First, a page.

Currently, the DepEd has rolled out the Comprehensive Sexuality Education (CSE) program for the basic education curriculum (K-12), which includes modules on sexual orientation, gender identity, gender expression, and sex characteristics (SOGIESC).

For the programs to be truly inclusive, the need for protection should encompass all identities.

But modules on SOGIESC aren’t enough. The CSE must provide positive representations of LGBTQ individuals, their romantic relationships, and familial connections.

Furthermore, the discussion about sex and protection is prominently heteronormative, what with the rising teenage pregnancy in the country. For the programs to be truly inclusive, the need for protection should encompass all identities.

Myths and stereotypes about LGBTQ+ behavior and identity must be dispelled as early as we can. It’s easier to teach new information to clueless, young individuals than reverse the preconceived notion of the adults.

Frankly, the fight for inclusive sex education doesn’t stop with rolling out the existing programs, keeping them age-appropriate and medically accurate, or expanding the topics to fully cover the broad spectrum of queer sexuality.

What’s important is for us to be vigilant in the implementation of the program, and also for laws such as the SOGIESC Equality Bill to be passed.

In the meantime, we can open our hearts and ears to provide a safe space for the queer youth. The best we can offer right now is a person they can trust and be comfortable with to talk about sex and sexuality.

When we find safety in sex, where we don’t feel judged or criticized, then we are able to experience sex more fully, discuss it more openly, and enjoy it as we’re supposed to!

A need for a safe space

The safest space we probably have right now is our circle of friends that openly talks about sex. Even for Dr. Rica Cruz, sexologist and CEO of wellness shop Unprude, it’s difficult to find a safe space for such discussions because there’s always resistance.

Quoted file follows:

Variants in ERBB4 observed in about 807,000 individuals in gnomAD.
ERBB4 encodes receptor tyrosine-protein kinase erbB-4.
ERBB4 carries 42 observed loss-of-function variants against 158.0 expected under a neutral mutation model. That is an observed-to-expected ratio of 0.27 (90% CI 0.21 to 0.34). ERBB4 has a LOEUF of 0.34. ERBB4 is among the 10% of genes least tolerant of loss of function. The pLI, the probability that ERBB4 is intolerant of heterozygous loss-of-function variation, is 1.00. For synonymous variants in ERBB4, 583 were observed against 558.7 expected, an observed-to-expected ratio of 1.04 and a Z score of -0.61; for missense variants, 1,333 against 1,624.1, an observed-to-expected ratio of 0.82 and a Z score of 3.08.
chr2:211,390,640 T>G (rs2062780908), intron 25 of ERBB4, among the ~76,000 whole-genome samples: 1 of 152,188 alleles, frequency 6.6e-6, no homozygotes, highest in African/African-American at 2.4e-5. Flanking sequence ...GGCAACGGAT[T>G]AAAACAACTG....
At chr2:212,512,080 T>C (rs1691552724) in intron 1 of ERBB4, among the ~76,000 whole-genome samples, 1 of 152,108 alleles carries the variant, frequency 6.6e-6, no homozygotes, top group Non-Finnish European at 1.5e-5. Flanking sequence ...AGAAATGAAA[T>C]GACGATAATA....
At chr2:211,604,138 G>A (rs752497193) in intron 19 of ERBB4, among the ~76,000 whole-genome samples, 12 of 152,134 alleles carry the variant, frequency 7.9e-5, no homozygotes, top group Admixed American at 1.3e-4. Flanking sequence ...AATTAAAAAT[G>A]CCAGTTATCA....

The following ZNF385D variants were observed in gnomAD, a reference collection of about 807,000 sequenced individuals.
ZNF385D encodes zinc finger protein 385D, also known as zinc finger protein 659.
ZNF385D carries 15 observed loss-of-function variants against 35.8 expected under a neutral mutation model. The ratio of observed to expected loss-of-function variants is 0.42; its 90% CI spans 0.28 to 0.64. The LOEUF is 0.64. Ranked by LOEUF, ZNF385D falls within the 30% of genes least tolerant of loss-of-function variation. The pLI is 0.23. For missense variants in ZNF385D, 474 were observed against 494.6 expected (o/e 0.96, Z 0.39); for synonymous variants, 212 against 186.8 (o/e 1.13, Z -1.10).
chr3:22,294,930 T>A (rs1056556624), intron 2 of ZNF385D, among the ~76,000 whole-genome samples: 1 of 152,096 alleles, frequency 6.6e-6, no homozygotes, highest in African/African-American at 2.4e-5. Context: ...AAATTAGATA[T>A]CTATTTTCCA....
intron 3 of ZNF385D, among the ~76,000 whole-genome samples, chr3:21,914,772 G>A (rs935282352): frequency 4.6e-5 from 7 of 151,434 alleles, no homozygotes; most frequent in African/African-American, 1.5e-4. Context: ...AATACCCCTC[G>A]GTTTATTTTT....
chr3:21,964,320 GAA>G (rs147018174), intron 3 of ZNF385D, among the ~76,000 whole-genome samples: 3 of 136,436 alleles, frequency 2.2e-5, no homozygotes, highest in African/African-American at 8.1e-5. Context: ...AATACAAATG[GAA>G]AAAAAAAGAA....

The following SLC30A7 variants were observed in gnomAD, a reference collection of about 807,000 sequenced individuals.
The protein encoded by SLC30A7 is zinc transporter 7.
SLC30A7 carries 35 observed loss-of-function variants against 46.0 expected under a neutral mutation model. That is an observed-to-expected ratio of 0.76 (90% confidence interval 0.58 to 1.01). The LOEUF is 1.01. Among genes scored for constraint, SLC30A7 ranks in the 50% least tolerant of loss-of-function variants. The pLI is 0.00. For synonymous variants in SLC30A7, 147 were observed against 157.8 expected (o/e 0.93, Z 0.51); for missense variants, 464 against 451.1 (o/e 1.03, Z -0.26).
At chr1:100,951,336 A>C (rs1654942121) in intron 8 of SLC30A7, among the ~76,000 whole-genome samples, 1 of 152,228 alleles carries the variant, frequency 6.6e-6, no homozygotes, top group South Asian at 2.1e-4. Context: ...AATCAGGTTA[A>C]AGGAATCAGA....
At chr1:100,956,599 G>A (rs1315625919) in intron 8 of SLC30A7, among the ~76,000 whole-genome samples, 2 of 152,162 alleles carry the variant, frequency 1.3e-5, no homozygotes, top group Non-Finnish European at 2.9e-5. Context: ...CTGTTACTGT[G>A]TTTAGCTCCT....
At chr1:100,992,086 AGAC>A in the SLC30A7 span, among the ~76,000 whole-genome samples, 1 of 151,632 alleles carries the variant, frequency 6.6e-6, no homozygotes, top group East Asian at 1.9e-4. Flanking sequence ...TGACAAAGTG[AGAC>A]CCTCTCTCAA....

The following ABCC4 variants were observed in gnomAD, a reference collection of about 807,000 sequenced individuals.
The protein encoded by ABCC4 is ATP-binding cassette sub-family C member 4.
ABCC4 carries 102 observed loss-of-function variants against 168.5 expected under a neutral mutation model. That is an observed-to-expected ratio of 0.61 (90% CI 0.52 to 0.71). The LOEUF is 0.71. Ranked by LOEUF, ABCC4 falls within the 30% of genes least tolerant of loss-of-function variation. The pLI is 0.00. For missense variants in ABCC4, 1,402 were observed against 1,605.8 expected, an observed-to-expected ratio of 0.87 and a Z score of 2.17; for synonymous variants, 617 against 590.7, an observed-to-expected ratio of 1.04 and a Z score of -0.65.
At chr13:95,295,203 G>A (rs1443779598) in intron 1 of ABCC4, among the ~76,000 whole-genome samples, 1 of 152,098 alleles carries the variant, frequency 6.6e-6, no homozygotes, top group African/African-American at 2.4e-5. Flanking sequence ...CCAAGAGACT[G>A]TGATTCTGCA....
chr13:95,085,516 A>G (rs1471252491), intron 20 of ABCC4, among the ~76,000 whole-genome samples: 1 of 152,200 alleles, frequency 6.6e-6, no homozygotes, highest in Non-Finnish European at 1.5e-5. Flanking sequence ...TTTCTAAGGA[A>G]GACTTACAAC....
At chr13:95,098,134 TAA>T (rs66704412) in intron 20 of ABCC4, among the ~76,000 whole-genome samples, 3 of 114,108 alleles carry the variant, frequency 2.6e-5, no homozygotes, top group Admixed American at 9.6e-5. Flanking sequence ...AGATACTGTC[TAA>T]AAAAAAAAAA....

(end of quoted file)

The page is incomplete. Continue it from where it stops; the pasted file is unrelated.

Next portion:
Her experience in starting several podcasts, and even giving sexual health advice through media companies, is always met with judgment and criticism. Unfortunately, she has been maligned, insulted, and even sexually harassed.

But the fight presses on since she believes we shouldn’t just increase conversations around sex. Rather, we should nurture the right kind of conversations healthy, supportive, and respectful.

“If we want to create safe and supportive spaces, we need to understand that these are the direct result of understanding that our sexual needs and desires are not meant to fit into society’s boxes and expectations,” says Dr. Cruz.

The sexologist is asking people to look inwards, to ask ourselves our own biases and negative beliefs about sex. She believes the awareness of how each of us contributes to the “unsafe” space society has for sex will help us move forward to create the “safe space” we really wanted.

“When we find safety in sex, where we don’t feel judged or criticized, then we are able to experience sex more fully, discuss it more openly, and enjoy it as we’re supposed to! When we do this, we normalize not just the right kind of conversations, but we help others understand our differences, and learn to celebrate others in their uniqueness. We get to have sex on our own terms. We get to just be.”

When people feel safe, the more likely they will share and open up. So many of us have different experiences and various questions when talking about sex.

Content Creator Say Tioco, who took the leap to start talking about sexual wellness in 2020, uses her own experience to offer a safe space for people to be vulnerable.

“When people feel safe, the more likely they will share and open up. So many of us have different experiences and various questions when talking about sex,” says Tioco.

Tioco believes that people should talk more about sex, and start by opening up with their own stories. “The more people talk about it, the more awareness will be spread. The more it becomes normal to talk about.”

But the content creator believes it’s going to be an arduous battle. Currently, she can only talk about sex with no holds barred on her Spotify podcast called Ask Say The Podcast! since there are platform-specific censorships, along with discrimination from conservative people on social media.

On a collective level, we still have a long way to go. But the steps we take now, no matter how small, can help the queer youth understand sex and their sexuality without the need for a trial-and-error approach.

I wish I knew what I know now when I was younger. Maybe, just maybe, I wouldn’t go through so much in order to learn.